SA: Did Chris Boucher make any changes to your original scripts?
TANITH: Just a few, and those I made at Chris’s request. It was my first time writing for TV, so I was entirely amenable. In the second script he did add a sort of tie-in to something from another episode – needful for the general overall series. I couldn’t do this as I was in the States and I missed the shooting of the episode. It worked pretty well, though naturally for me it always sticks out a bit.
SA: The show was supposed to be cancelled after Series C. Were you surprised to see it return?
TANITH: I don’t even remember this. So I guess I wasn’t surprised either way. Even as an outsider to TV, I’d heard a bit about how things fluctuate.
SA: Sand focuses on Tarrant and Servalan. Why this particular pairing?
TANITH: Mainly in this one I was eager to write about Servalan. I’d admired Jacqueline as an actor since I first saw her in the two cult classic films, Night of the Zombies and The Reptile. I was astounded at her looks and her calibre, as were most people when they saw these movies. Later I’d seen her in more weighty productions. I thought, and think she is one of our finest actors, aside from her astonishing beauty. Plenty of fans have asked me over the years why I didn’t pair Servalan with Avon. But the answer is fairly clear, isn’t it? Avon had already shared the ‘lead’ role in Sarcophagus. I wanted to expand the role of someone I hadn’t written for yet. Tarrant seemed the obvious choice – Servalan’s intensity against this much more easy-going man, who of them all seemed capable of genuine kindness, compassion, humanity. Plus I did feel rather that putting Avon and Servalan together might pose awful problems for anyone coming in on the scripts that followed. Aside from reducing the local galaxy to ash.
SA: There is a lot of background information for Servalan in this episode. Was this based on Jacqueline Pearce’s own life?
TANITH: I know Jacqueline won’t mind me answering this. It is, to some extent, based on her own life. However, given an actor of her power inhabiting the psychotic Servalan, how could I resist aiming for maximum emotional anguish?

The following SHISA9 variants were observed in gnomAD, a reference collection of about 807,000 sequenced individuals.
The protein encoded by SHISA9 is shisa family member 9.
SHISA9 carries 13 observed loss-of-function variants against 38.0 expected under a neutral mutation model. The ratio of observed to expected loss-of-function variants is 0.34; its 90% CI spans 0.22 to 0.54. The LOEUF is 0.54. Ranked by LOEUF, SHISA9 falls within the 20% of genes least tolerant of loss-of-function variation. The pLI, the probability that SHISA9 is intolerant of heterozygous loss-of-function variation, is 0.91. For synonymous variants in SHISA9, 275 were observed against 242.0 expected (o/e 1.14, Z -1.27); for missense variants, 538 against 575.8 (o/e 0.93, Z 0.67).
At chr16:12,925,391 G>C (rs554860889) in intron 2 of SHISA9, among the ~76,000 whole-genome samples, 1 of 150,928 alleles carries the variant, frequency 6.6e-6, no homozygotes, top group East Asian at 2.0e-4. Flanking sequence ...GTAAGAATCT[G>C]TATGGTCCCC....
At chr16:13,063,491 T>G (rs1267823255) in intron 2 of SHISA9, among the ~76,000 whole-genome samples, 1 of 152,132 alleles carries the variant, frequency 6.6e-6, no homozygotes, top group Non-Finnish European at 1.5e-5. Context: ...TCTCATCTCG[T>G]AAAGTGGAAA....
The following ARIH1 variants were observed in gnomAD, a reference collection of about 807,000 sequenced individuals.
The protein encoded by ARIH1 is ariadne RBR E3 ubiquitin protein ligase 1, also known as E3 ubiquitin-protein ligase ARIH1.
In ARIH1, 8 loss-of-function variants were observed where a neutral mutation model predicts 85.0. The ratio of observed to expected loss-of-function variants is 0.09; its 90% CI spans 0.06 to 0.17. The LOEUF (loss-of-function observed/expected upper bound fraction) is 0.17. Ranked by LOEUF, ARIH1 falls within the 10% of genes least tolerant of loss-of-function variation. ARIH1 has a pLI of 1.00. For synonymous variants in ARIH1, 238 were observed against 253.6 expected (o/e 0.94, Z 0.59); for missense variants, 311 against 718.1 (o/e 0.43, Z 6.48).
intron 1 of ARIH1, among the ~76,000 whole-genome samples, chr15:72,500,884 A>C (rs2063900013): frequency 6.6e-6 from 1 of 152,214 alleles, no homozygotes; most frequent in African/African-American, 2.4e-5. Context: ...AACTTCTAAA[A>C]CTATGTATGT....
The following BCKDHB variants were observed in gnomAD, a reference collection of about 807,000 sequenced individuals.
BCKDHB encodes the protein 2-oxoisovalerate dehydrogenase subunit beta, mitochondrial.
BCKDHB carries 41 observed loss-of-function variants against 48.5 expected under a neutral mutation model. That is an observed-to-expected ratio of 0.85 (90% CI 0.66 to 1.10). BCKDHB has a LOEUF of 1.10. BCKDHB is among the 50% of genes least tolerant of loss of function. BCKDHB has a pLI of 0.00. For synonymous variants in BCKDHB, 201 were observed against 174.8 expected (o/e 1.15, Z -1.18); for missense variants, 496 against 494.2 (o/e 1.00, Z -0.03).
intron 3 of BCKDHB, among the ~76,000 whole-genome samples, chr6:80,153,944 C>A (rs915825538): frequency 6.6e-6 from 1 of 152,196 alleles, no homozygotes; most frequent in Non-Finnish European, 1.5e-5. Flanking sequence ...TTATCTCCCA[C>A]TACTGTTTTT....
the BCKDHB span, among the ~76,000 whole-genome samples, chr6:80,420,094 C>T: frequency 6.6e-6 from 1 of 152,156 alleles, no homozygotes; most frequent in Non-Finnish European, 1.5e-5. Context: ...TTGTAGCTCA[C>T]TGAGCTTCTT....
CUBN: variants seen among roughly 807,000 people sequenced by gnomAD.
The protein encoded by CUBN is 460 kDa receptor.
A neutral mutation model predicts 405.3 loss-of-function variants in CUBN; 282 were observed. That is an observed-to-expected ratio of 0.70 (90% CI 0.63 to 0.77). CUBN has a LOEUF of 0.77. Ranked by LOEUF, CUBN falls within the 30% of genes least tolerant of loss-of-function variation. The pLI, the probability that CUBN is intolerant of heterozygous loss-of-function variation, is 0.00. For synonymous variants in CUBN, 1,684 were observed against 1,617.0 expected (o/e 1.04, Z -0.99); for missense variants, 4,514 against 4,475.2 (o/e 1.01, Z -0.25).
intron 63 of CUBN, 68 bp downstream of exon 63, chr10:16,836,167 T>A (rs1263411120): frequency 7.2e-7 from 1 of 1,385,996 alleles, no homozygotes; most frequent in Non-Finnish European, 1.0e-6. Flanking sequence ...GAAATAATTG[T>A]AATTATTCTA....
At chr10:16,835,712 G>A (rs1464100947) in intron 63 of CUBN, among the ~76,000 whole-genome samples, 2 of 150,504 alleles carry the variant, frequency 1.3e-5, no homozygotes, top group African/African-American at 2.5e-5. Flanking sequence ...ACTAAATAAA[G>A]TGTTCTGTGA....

SA: Had the series returned, would you have written more episodes?
TANITH: Indeed I would have done.
SA: Did you visit the set to see your episodes recorded?
TANITH: The first one yes. I was thrilled, and everyone was lovely to me. What a treat! Alas, as I said earlier, I had to be in the States for the second one – I was GoH at a convention long-arranged. However, this did mean that the first I got to see the show was when it came on TV, which had an extra excitement for me.
SA: Did you keep in touch with any cast members?
TANITH: Jacqueline and I certainly still keep in touch – I saw her not long ago. And recently I wrote a short monologue for her in the series The Actor Speaks, produced by Mark J Thompson. Needless to report her performance was magnificent. I was also asked to write one for Paul Darrow in the same series. Again a great pleasure to hear one’s words so brilliantly interpreted.
SA: Do you remember much about the script you submitted for Doctor Who?
TANITH: I didn’t get as far as a script. I was asked for a synopsis and duly sent one. Unfortunately I hadn’t watched the series for years, and the first idea was apparently too like something else they had already done. Normally I wouldn’t do this, but I came up with another idea and offered it, but they said they weren’t keen. So that was the end of my non-history with Doctor Who. I must admit that my great favourites among the Doctors had been Patrick Troughton and Jon Pertwee. Since then friends have shown me episodes with Tom Baker that were fascinating.
SA: You are an extremely prolific writer. Do you ever get writer’s block?
TANITH: Most writers do. With me it seldom lasts long, though I hate writing to deadlines. Some people flourish under deadlines, I tend to go out and have lunch, in many senses. But what I write is always real for me. It seems to form itself, and if I block, it’s only that I haven’t listened or looked hard enough at what is there. In the end, it comes through and tells me.
This interview was first published in Issue 1 of Scorpio Attack in 2005.